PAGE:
Virginia Democrats have almost nowhere to go but up, said Skelley. “It’s a story of Republicans holding the relatively moderate districts and Democrats not holding any of them at the moment,” he said. The party has to go heavily on the offensive and hope for a big win by its gubernatorial candidate Terry McAuliffe to recapture a handful of seats, Skelley said.
Toscano has overseen a campaign master plan he says is both bigger and more coordinated than it has been in previous years.
“There are 19 districts in the Commonwealth that are now in Republican hands that were won by Tim Kaine in 2012,” Toscano said. “Right away you look at those. Then you add to those any seat that has come open because of a retirement or somebody defeated in a primary. There are probably another five or six seats like that. You start with that universe, and you say to yourself ‘O.K., if we have the right candidate, what races are worth watching?’”
On top of 14 Democratic incumbents, they came up with what they think are the right candidates—county supervisors, country lawyers, entrepreneurs, nonprofit board members—for 37 contested races.
“That is an unprecedented number,” Toscano said. “The highest number I can recall in recent days is 19, so we’re doubling the number of candidates we’re putting in the field as challengers.” Some are winnable contests, follow-ups to races where Republicans edged out Democrats by a few hundred votes or less last time around. Others he knows they will lose. But the sheer number of candidates is a statement that they’re coming for everything they can get. “You cannot beat somebody with nobody,” he said.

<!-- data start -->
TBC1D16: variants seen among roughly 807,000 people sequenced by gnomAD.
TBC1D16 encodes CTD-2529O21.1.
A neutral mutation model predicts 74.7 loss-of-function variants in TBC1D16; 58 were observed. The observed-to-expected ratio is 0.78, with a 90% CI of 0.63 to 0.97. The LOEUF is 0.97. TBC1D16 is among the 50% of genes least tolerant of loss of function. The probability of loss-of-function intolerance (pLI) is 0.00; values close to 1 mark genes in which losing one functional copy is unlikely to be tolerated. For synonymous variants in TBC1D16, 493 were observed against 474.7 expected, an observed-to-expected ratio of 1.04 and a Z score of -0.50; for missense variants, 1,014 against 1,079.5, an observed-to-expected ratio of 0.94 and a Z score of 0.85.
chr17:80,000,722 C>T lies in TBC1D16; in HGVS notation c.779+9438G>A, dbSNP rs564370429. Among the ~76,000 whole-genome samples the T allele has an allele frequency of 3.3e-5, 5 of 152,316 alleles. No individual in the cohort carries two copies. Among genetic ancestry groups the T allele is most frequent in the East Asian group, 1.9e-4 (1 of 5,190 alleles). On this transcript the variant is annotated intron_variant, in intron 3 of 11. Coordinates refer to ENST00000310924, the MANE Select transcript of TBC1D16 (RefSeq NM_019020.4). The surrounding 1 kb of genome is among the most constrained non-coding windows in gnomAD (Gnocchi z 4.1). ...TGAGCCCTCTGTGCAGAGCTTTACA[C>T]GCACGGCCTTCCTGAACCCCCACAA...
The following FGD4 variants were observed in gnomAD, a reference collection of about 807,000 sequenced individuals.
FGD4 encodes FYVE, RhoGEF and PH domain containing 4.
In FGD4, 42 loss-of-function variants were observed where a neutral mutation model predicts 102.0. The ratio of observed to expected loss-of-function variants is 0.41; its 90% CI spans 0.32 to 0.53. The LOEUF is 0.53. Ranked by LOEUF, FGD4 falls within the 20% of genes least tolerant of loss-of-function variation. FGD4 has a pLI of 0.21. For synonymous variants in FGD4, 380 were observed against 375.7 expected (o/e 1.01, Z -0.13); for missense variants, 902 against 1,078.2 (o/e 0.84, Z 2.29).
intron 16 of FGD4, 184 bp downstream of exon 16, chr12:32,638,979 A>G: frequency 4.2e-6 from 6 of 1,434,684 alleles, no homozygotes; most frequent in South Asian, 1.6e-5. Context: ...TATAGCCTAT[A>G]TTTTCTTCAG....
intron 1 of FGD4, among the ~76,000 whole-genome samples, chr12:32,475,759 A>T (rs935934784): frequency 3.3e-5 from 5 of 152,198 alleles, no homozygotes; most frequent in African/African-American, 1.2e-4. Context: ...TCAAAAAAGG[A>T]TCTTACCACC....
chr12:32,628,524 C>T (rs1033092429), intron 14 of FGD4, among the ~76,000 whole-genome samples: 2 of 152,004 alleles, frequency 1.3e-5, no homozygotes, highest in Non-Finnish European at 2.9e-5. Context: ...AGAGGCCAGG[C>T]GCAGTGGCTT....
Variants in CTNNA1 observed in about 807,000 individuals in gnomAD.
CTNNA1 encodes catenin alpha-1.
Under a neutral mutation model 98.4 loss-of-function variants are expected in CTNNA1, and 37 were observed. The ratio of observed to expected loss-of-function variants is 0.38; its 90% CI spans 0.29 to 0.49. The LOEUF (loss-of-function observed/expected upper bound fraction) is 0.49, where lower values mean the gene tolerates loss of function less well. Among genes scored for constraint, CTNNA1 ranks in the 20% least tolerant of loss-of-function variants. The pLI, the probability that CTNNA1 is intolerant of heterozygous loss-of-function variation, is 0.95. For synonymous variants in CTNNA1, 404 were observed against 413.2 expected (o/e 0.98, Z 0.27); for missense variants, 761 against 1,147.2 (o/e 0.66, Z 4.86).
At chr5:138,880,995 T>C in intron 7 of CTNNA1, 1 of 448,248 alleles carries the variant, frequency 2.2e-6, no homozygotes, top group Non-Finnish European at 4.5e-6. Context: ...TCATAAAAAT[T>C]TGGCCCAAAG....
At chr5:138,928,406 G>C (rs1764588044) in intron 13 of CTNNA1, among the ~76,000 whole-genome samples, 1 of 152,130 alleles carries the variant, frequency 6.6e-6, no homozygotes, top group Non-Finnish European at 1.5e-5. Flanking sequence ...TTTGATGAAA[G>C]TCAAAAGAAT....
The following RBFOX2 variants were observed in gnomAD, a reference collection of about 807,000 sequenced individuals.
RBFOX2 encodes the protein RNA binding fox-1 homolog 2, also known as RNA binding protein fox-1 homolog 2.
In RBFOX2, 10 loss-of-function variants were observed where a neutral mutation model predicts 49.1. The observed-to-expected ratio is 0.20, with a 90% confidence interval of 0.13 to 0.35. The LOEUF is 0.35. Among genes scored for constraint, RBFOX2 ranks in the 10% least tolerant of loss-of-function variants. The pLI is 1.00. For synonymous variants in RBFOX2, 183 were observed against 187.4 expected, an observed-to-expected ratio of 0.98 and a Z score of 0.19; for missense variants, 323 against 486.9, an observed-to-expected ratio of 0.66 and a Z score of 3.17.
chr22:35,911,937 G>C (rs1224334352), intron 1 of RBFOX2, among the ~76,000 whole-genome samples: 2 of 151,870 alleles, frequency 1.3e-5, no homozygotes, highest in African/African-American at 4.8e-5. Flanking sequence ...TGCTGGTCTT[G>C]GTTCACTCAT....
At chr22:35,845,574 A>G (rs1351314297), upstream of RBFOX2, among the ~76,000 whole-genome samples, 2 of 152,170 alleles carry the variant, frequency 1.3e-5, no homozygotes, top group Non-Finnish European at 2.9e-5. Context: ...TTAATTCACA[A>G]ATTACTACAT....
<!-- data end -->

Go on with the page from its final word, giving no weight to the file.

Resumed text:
You also need money. And as the rep from deep-pocketed Charlottesville, that’s something Toscano has access to.
“There’s no doubt that this is a wealthy community, and it helps to leverage that,” Toscano said.
It’s part of why his colleagues chose him, and it’s meant his fundraising pitch has shifted. When he shakes hands with top donors, he’s not convincing them to contribute to one campaign, but to dozens.
“You can elect me for the next 20 years, but unless we elect some different people statewide, your values can never really be implemented,” he said, summing up his pitch. “We’ve not used our economic firepower to influence elections. And that’s something we’re trying to change.”
So far, it appears to be working. According to the Virginia Public Access Project, Toscano’s reelection committee and Virginia First, his leadership PAC, together provided a third of the $1.6 million contributed to the House Democratic Caucus this year, money that’s made its way to battleground districts across the state. Many of the candidates in those districts are polling well in the wake of the government shutdown, which voters in federal-job-dependent Virginia appear to have blamed largely on Republicans.
What those voters decide on November 5 will have a big impact on the perception of Virginia’s Democratic party, Toscano’s political career, and, potentially, his city’s importance in state politics. If his stint leading a caucus crawling back from the bottom is successful, he could end up riding to a majority as the top Democrat in the House, a reversal that would elevate Charlottesville’s importance as a Democratic anchor, despite the fact that it’s dwarfed by the solid blue strongholds to the north and southeast. Whether he gets to keep up the statewide strategizing and stumping for the party depends on whether his efforts of the last two years actually start the upswing the Democrats are desperately seeking.
Then, he said, “we’ll see if they choose me again.”